When violence erupts, staying on those delicately balanced medications can become impossible. Drugs may no longer get to the clinic, patients and health care workers can become displaced, travel to the clinic can become unsafe, and patients can become profoundly depressed by the horror and tragedy around them.
After an unplanned treatment interruption takes place, the multipronged attack of HAART falls apart in an insidious fashion. Some drugs stay in the patient's system longer than others, leaving only a partial therapy in place. That partial therapy fails to stop the virus, instead encouraging the evolution of resistant strains. When full HAART resumes, the virus is better prepared to resist it.
Different variants of the virus will show differences in their likelihood of evolving resistance after an unplanned treatment interruption, the researchers predict.
What can be done
Mann said the steps her colleagues in Kenya took in advance of this year's elections—providing extra medicine and clinic transfer papers—were good ones to take at the level of an individual clinic, assuming they have extra doses of medicine on hand.
Similarly, Kantor said, "In the 2007 conflict AMPATH did a great job to do as much as possible to address the potential issues that we're raising and made great efforts to reach patients to resume care as soon they could, despite the post-conflict displacement and chaos. AMPATH has undertaken similar efforts and preparations for this month's Kenyan elections, including managing treatment stocks, on-call staff, logistical support, and participating in regional and national coordination."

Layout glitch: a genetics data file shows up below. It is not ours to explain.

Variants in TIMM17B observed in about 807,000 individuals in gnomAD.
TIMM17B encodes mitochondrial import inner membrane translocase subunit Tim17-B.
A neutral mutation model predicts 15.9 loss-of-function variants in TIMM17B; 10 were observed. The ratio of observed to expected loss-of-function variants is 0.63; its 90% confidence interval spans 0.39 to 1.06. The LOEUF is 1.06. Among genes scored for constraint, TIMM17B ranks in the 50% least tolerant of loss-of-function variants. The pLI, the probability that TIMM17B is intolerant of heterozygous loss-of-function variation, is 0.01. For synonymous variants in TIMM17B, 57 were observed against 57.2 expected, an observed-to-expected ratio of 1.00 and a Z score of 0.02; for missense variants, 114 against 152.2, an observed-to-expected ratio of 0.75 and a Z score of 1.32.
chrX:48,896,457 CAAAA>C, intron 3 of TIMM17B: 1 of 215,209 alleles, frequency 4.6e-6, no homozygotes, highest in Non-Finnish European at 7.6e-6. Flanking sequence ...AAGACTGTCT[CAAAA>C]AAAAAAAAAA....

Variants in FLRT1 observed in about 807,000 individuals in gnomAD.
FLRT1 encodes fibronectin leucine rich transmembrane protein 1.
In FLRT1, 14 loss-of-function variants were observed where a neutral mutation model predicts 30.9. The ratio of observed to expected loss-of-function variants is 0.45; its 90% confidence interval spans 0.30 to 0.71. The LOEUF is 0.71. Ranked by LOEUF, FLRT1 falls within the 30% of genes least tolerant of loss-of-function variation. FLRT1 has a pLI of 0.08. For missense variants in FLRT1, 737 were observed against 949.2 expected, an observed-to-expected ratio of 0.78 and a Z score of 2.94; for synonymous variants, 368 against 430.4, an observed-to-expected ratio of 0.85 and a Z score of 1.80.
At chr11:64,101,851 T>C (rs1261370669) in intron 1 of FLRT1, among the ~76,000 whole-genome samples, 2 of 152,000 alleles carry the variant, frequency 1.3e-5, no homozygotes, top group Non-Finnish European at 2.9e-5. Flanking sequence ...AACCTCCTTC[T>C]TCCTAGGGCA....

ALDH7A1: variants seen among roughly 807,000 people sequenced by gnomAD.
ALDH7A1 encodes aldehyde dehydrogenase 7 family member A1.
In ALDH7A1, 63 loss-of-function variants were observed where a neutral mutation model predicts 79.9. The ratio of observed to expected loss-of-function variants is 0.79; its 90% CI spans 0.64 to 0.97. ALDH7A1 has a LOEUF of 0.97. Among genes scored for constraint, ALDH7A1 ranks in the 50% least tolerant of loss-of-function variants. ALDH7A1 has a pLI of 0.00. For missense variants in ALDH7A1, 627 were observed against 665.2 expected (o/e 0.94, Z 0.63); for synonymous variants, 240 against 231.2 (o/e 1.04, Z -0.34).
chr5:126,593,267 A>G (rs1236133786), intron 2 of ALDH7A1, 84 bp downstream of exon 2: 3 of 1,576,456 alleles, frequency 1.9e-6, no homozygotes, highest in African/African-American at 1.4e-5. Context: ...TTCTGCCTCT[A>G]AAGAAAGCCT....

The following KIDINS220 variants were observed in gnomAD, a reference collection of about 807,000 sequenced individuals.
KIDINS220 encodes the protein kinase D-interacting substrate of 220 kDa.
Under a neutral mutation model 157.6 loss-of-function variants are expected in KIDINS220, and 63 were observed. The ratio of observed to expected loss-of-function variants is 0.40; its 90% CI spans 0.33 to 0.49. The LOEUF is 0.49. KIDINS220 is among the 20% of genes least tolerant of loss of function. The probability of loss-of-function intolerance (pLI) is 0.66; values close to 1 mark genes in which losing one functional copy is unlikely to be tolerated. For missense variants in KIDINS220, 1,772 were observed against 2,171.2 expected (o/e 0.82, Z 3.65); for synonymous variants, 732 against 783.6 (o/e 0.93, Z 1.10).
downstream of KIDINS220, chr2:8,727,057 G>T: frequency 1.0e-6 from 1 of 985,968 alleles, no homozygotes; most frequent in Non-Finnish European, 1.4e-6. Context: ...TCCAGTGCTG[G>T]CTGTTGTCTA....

But in the paper, the authors point out that neither health care providers nor officials have much of a rigorous knowledge base to refer to in managing unplanned treatment interruptions. And many officials do not consider or plan for the problem at all.
To better inform and prepare providers and officials, not only in Kenya but in other strife-prone nations with high rates of HIV infection, authors call for further research and attention to planning.
"Research is therefore needed to determine optimal ART stopping and restarting strategies for patients who find themselves in situations of unplanned interruptions," the authors write. "An additional strategy should encompass implementation of contingency treatment plans in developing countries addressing factors like consistent drug supplies, improved patient follow-up, education for healthcare providers, implementation of viral load monitoring and resistance testing and availability of multiple treatment regimens."
And if political leaders and their opponents happen to need one more reason to forgo violence, they can consider how it appears to worsen the HIV pandemic among their constituents.
Journal reference: AIDS Reviews
Provided by Brown University
- HIV drug resistance creeps higher: WHO Jul 18, 2012 | not rated yet | 0
- Sensitive testing reveals drug-resistant HIV with possible consequences for treatment Jul 29, 2008 | not rated yet | 0
- Researchers develop new method for screening drug-resistant forms of HIV Jun 28, 2007 | not rated yet | 0
- Treatment outcomes of patients with HIV and tuberculosis Jun 01, 2007 | not rated yet | 0